Tuesday, February 19, 2019 at 4:00 pm

Speaker: Vitaly Yakimenko, SLAC

Title: Collider of Fields : On the Prospect of Studying Fully Non-Perturbative QED with Beam-Beam Collisions

Abstract:

The talk will discuss how modern accelerator technology can probe a fundamentally different regime of physics – fully Non-Perturbative QED – for the first time. The key idea is to employ compressed bunches that are shorter than the average photon emission length to probe unprecedented extreme field strengths, which facilitate fully Non-Perturbative QED experiments with a 100 GeV-class particle collider. In addition, it also has multiple important implications for different areas of physics. For example, this approach to the mitigation of radiative energy losses (“beamstrahlung”), which is a critical limitation of existing linear collider designs like ILC and CLIC, represents an opportunity to reduce the power consumption of these machines significantly. The Energy frontier in electron/positron particle physics could then reach energies prohibited by the beam power requirement in conventional collisions of flat bunches.

Tuesday, April 16, 2019 at 4:00 pm

Speaker: Flicie Albert, Lawerence Livermore National Laboratory

Title: X-ray sources from laser-plasma acceleration: development and applications for high energy density sciences

Abstract:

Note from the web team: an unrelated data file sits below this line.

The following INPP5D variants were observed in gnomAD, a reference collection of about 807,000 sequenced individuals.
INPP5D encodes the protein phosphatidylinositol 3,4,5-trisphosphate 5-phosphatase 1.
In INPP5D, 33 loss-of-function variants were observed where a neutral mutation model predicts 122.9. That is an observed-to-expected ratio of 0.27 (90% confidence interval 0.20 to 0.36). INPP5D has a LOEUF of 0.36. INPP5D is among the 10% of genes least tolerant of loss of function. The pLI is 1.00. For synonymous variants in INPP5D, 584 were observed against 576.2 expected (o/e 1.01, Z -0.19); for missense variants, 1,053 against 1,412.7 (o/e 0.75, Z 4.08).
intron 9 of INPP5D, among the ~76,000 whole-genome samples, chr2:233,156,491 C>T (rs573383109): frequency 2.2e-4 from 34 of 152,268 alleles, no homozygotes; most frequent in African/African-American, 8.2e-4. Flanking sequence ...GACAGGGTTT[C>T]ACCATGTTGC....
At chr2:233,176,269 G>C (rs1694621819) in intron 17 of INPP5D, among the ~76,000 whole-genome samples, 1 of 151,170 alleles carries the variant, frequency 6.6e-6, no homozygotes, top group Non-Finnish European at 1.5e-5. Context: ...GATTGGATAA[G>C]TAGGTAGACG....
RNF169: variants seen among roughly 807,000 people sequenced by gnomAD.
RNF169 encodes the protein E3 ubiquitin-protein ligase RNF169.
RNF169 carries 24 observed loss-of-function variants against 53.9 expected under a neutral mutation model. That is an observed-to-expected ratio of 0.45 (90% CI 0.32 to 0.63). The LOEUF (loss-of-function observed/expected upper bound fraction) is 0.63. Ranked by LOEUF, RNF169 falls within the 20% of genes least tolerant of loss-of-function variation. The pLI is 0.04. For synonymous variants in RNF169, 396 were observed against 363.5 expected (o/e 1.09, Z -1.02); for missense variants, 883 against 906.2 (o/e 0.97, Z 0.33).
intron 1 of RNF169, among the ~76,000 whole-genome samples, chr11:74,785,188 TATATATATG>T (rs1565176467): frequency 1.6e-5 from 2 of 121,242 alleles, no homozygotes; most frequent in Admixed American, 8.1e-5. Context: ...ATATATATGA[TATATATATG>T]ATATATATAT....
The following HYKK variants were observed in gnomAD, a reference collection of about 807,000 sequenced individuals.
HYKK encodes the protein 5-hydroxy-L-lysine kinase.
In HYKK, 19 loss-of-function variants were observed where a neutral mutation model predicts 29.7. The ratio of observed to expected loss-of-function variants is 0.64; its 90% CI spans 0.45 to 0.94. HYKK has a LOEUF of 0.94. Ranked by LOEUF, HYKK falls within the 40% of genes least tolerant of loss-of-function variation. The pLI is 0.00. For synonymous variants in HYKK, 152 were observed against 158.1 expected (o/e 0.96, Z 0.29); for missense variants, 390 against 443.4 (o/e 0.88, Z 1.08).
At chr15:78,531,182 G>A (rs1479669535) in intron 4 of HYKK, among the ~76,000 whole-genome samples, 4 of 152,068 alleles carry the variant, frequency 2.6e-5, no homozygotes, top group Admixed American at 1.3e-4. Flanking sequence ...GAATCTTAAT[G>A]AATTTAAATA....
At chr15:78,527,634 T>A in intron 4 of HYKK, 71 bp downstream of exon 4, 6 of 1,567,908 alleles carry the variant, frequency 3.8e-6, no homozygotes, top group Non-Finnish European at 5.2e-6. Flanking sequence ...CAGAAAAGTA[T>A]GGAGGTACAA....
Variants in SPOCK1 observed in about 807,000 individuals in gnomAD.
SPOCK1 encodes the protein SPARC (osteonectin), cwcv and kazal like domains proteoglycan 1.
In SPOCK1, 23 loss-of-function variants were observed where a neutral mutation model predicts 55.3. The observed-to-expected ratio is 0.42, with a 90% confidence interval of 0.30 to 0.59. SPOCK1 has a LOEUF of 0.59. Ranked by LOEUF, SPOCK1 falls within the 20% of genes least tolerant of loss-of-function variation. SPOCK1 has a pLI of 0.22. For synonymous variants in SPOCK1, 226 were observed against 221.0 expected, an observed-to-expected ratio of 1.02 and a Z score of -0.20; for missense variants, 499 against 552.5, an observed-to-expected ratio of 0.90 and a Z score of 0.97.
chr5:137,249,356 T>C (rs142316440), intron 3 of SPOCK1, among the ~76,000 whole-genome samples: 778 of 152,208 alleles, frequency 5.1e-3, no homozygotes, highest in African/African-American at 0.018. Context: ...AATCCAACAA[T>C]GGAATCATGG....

Bright sources of x-rays, such as synchrotrons and x-ray free electron lasers (XFEL) are transformational tools for many fields of science. They are used for biology, material science, medicine, or industry. Such sources rely on conventional particle accelerators, where electrons are accelerated to gigaelectronvolts (GeV) energies. The accelerating particles are also wiggled in magnetic structures to emit x-ray radiation that is commonly used for molecular crystallography, fluorescence studies, chemical analysis, medical imaging, and many other applications. One of the drawbacks of synchrotrons and XFELs is their size and cost, because electric field gradients are limited to about a few 10s of MeV/M in conventional accelerators. This seminar will review particle acceleration in laser-driven plasmas as an alternative to generate x-rays. A plasma is an ionized medium that can sustain electrical fields many orders of magnitude higher than that in conventional radiofrequency accelerator structures. When short, intense laser pulses are focused into a gas, it produces electron plasma waves in which electrons can be trapped and accelerated to GeV energies. This process, laser-wakefield acceleration (LWFA), is analogous to a surfer being propelled by an ocean wave. Betatron x-ray radiation, driven by electrons from laser-wakefield acceleration, has unique properties that are analogous to synchrotron radiation, with a 1000-fold shorter pulse. This source is produced when relativistic electrons oscillate during the LWFA process. An important use of x-rays from laser plasma accelerators we will discuss is in High Energy Density (HED) science. This field uses large laser and x-ray free electron laser facilities to create in the laboratory extreme conditions of temperatures and pressures that are usually found in the interiors of stars and planets. To diagnose such extreme states of matter, the development of efficient, versatile and fast (sub-picosecond scale) x-ray probes has become essential. In these experiments, x-ray photons can pass through dense material, and absorption of the x-rays can be directly measured, via spectroscopy or imaging, to inform scientists about the temperature and density of the targets being studied.

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